Political Changes in Sudan Could Affect Mandate of African Union-United Nations Hybrid Operation in Darfur, Joint Special Representative Tells Security Council (18.04.2019)
Darfur has seen significant improvements in security, with some displaced people returning home but 1.6 million remaining displaced.
NEW YORK, United States of America, April 18, 2019 – Members Echo Sudan’s Representative in Describing Recent Events as Internal Matter Not Warranting External Discussion, Interference
The planned withdrawal of the African Union-United Nations Hybrid Operation in Darfur (UNAMID) by 30 June 2020 is on track, but the political situation in Sudan has changed drastically and could affect implementation of the mission’s mandate going forward, the Joint Special Representative of the African Union and the Secretary-General for the country’s western Darfur region told the Security Council today.
Speaking via videoconference from Khartoum, where the Military Transitional Council seized power on 11 April, he said the Operation is establishing contacts and working relationships with the new authorities. The international community can also start a dialogue with the new rulers to help create a conducive environment for UNAMID’s departure and for an international follow-up engagement in Darfur, he added.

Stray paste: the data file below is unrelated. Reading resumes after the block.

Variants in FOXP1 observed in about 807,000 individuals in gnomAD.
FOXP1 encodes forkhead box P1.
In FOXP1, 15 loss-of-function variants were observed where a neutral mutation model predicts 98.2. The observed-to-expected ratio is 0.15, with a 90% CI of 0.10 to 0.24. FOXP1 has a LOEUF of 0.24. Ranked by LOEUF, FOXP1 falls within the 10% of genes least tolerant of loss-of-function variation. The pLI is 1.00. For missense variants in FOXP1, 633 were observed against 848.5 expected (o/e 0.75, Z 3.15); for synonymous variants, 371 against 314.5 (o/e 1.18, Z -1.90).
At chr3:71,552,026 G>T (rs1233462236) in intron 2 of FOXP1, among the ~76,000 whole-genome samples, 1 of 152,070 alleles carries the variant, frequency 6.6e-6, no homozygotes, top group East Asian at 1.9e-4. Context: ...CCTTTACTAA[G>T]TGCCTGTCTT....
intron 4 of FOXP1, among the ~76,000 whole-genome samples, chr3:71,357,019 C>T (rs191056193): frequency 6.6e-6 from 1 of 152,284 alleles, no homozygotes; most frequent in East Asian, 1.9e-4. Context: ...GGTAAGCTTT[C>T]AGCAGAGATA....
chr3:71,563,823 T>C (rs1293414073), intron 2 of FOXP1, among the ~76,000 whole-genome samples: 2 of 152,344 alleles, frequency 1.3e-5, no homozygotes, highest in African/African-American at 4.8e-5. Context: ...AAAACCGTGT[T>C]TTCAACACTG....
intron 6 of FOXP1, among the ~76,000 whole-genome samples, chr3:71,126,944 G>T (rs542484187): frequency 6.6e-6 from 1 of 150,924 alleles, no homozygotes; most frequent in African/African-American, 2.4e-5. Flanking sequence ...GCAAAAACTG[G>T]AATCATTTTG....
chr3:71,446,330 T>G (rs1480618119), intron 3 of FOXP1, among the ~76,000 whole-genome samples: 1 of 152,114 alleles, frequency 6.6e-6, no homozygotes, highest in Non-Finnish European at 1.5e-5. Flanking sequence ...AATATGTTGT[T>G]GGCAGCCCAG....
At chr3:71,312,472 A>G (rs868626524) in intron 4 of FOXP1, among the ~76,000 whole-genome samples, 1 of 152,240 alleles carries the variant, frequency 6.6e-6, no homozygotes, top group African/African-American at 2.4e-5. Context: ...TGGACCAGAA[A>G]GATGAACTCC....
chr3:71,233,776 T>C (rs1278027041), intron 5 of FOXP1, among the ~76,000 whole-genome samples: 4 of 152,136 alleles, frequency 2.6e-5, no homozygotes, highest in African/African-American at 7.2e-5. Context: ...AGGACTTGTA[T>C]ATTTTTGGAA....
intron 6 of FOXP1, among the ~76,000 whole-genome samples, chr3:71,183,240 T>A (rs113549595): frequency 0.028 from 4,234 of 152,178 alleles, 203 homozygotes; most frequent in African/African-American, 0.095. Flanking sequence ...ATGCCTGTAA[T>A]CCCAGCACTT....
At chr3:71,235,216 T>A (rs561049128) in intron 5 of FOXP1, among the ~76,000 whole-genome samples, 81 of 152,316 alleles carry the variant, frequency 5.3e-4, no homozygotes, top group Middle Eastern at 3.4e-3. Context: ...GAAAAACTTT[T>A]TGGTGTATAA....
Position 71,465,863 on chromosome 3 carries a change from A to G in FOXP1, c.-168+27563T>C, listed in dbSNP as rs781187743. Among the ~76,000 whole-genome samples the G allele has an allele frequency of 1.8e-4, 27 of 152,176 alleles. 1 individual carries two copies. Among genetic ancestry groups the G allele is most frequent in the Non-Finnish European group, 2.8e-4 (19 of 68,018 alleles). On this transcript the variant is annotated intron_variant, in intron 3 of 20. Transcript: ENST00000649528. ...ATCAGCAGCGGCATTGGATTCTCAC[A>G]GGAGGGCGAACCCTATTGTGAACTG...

“The current situation, much as it may not be desirable, provides a chance for the Sudanese to seize the opportunity to resolve all their conflicts, including the one in Darfur,” he continued. “The Council should urge the people of Sudan to have a holistic and all-inclusive approach that is representative of all Sudanese.” Noting that the changes at the federal level have had an obvious impact on Darfur, he cited acts of violence by internally displaced persons and other protesters targeting premises associated with the previous regime. In the midst of those developments, UNAMID has remained vigilant, maintaining a particularly robust posture in Jebel Marra, where clashes between the Sudanese Armed Forces and the Sudan Liberation Army-Abdul Wahid (SLA-AW) faction have continued.
Briefing on the humanitarian situation, the Assistant Secretary-General for Humanitarian Affairs and Deputy Emergency Relief Coordinator said the direct impact of recent political events on humanitarian operations has been limited so far and regular operations have continued, including a major campaign to vaccinate children against polio and measles. However, due to the economic crisis, the prices of food and medicines are rising, with the price of sorghum 70 per cent higher than it was a year ago and imports of medicine in 2018 down by one third from 2017, she said. An estimated 5.8 million people, including 1.9 million in Darfur, are presently food-insecure, she noted, predicting that, with the lean season due to start in May, that number will increase.